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Canadian oil could turn ‘safe-ish’ until 2021, thanks to Alberta’s stopgaps

Alberta Premier Rachel Notley speaks during an announcement of a mandatory cut in oil production to deal with a price crisis that is costing Canada an estimated $80 million a day, in Edmonton on Sunday, Dec. 2, 2018. (THE CANADIAN PRESS/Jason Franson)

Alberta Premier Rachel Notley’s plan to cut through an unrelenting glut of heavy crude has perked up Canadian oil prices and energy shares. But analysts warn the government’s hand on the output tap can only do so much to stabilize a dysfunctional market desperate for new pipelines.

The main grade of heavy crude from Alberta recently plunged to a near-record low of US$10 per barrel, thanks to a one-two punch of robust production and jam-packed pipelines. Fear of damage to Canada’s economy, including the risk of losing energy sector jobs, has risen instep with Alberta’s oversupplied oil market.

The discount on Western Canadian Select (WCS) oil versus the U.S. standard West Texas Intermediate narrowed to under $20 a barrel a day after Notley announced production will be curtailed by 325,000 barrels per day beginning in January 2019. The discount has recently swelled into the mid-$40s range.

The province said the plan will clear the glut of excess oil and improve prices within three months.

“It’s a big deal,” Michael Dunn, an analyst at GMP FirstEnergy in Calgary, told Yahoo Finance Canada. “We certainly think the measures they announced will fairly quickly and a significantly correct the oversupply situation we have.”

The cut will work in tandem with a plan for the province to buy thousands of new rail cars to move shut in oil to market.

Alberta is currently producing 190,000 barrels of raw crude and bitumen per day over what can be shipped by pipeline or rail, according to the province. About 35 million barrels of processed oil is currently in storage, the government said. That’s 16 million too many, by its own estimate.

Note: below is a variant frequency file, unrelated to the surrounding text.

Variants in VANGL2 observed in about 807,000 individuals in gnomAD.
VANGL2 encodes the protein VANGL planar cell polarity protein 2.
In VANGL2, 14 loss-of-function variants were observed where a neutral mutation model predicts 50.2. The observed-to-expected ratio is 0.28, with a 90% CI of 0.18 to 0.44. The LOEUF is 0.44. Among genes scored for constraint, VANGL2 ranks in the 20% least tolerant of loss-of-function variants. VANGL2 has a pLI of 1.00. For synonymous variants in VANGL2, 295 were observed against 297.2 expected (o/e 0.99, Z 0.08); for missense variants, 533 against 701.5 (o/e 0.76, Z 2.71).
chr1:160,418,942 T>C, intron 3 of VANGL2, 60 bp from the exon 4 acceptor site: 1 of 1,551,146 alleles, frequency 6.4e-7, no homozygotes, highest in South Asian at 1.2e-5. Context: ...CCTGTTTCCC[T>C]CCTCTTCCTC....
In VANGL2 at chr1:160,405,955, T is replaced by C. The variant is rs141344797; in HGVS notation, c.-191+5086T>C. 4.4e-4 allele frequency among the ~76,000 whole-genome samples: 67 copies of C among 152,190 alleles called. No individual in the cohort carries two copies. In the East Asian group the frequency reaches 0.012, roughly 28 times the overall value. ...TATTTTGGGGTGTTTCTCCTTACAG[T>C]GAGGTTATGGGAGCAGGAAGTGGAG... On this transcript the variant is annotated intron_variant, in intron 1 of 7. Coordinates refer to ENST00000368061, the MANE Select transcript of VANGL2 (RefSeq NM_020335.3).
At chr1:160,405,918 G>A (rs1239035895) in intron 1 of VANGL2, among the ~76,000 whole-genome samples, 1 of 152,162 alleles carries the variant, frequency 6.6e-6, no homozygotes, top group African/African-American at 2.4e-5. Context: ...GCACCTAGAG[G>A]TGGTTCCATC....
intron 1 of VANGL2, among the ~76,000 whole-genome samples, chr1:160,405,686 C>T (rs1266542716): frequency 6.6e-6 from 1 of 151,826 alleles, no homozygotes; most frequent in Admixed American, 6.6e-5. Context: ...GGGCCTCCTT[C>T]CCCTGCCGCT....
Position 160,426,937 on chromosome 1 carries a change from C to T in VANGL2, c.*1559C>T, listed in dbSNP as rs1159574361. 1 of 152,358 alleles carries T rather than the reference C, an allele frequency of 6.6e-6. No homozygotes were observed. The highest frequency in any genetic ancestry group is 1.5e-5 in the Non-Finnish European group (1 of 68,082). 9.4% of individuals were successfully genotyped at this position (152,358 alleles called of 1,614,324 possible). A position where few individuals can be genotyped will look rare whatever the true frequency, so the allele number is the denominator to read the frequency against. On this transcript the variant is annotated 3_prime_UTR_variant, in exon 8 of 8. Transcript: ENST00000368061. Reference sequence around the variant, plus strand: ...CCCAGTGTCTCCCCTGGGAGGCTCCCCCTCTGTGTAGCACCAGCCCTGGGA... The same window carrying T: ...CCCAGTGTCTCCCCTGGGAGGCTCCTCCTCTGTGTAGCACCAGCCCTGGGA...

Scotiabank commodity economist Rory Johnston said many of the oilsands projects pumping extra barrels into the market are from “half a decade ago, back when we had four or five major pipelines, forgive the pun, coming down the pipeline.”

“It was reasonable to assume that at least one of them would have gotten built,” he told Yahoo Finance Canada. “This is an abnormal situation. The government has taken extraordinary steps to alleviate the value destruction in an extraordinary discount situation.”

He notes the glut could be even larger than the Alberta government is acknowledging, pointing to data from the Alberta Energy Regulator indicating the province’s total inventory is closer to 75 million barrels. The province said its reduction efforts will be “adjusted as needed” until its authority expires on Dec. 31, 2019.

Reaction to the planned cuts from major oil executives has been mixed. Cenovus Energy Inc. (CVE.TOhas been a major proponent. While critics, including Imperial Oil (IMO.TO) CEO Rich Kruger, have suggested such intervention carres trade risk, and will scare investors away from Alberta’s energy sector.

Bob Fitzmartyn of GMP FirstEnergy in Calgary acknowledges Notley’s move to bolster oil prices could credibly be viewed as anti-free trade by the United States, the chief buyer of Alberta crude. The risk of inflaming Canada-U.S. trade tensions is remote, but possible he said, given President Donald Trump’s propensity to escalate seemingly minor irritants.

“I’m not adept at keeping up with the tweets,” he told Yahoo Finance Canada, referencing Trump’s active social media habit. “Moves like this aren’t exactly indicative of free trade.”